School climate and collective teacher efficacy in rural elementary schools during in-person and remote instruction

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rural elementary schools, school climate, collective teacher efficacy, federal accountability, in-person and remote instruction, Coronavirus pandemic
Marcotte, Kelly E.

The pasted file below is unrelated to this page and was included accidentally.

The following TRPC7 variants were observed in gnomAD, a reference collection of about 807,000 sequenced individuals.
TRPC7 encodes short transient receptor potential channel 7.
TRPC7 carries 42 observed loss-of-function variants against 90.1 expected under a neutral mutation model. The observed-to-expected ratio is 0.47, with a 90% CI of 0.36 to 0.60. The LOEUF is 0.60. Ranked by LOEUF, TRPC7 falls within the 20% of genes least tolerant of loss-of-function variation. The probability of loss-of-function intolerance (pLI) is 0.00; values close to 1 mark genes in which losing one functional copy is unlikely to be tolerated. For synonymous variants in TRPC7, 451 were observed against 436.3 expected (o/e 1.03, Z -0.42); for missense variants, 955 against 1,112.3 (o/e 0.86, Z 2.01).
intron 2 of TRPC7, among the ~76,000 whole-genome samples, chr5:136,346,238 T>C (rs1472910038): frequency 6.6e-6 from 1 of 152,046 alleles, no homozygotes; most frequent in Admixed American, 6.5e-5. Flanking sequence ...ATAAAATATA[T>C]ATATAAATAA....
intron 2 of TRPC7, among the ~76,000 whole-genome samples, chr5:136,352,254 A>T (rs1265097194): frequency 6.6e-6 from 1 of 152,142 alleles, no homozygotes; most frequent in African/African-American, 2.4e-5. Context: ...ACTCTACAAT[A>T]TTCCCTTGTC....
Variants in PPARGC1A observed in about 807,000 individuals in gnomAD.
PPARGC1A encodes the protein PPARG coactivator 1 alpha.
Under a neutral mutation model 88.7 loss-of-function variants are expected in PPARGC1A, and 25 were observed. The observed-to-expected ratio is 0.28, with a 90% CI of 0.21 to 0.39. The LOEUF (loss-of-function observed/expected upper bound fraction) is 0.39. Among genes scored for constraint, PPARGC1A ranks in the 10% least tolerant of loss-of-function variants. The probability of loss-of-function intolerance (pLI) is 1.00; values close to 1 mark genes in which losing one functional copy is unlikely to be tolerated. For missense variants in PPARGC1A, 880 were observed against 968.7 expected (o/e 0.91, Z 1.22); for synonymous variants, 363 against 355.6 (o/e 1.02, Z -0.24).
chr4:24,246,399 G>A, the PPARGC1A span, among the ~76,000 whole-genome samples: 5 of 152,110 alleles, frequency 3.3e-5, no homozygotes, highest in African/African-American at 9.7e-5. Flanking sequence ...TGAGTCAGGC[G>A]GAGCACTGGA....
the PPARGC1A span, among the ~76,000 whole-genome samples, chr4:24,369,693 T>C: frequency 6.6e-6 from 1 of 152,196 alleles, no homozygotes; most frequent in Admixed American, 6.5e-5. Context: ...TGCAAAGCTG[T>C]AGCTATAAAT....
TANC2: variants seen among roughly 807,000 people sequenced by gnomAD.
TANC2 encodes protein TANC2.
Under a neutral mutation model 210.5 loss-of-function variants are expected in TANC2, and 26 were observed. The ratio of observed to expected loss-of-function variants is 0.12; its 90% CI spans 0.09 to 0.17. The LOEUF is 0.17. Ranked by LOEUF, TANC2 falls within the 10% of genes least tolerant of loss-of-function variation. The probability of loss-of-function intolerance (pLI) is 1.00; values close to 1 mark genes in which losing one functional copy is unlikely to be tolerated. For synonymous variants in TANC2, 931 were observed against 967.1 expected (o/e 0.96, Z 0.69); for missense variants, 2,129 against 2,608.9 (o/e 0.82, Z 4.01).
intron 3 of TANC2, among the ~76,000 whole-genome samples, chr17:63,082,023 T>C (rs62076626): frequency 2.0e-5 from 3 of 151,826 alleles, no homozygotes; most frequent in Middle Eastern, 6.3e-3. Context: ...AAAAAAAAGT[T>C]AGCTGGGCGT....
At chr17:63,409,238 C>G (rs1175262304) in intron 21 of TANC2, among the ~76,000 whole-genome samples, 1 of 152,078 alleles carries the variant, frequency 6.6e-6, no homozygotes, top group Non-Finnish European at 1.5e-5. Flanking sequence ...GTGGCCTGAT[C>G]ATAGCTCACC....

The purpose of this study was to determine if, at rural elementary schools in New Hampshire, there was a significant difference between participants' beliefs about school climate and collective teacher efficacy (CTE) during in-person and remote instruction in order to determine best practices to support teacher retention, and ultimately, increase student achievement. Participants' perceived beliefs of school climate and CTE were reported for both in-person and remote instruction, due to the Coronavirus pandemic, using the Revised School Level Environment Questionnaire (RSLEQ) and the Collective Teacher Efficacy Belief Scale (CTEBS). Responses were paired to test for significance using the paired samples t-test and means were examined for areas of strength and weaknesses between the two sampling sessions. There were four variables that had significant differences: school resources and instructional innovation from the RSLEQ survey, and both variables from the CTEBS survey, instructional strategies and student discipline. In all areas that had a significant difference, rural remote teachers reported that they felt more effective teaching inperson. Implications, based on these results, including recommendations for rural school administrators, are discussed in depth.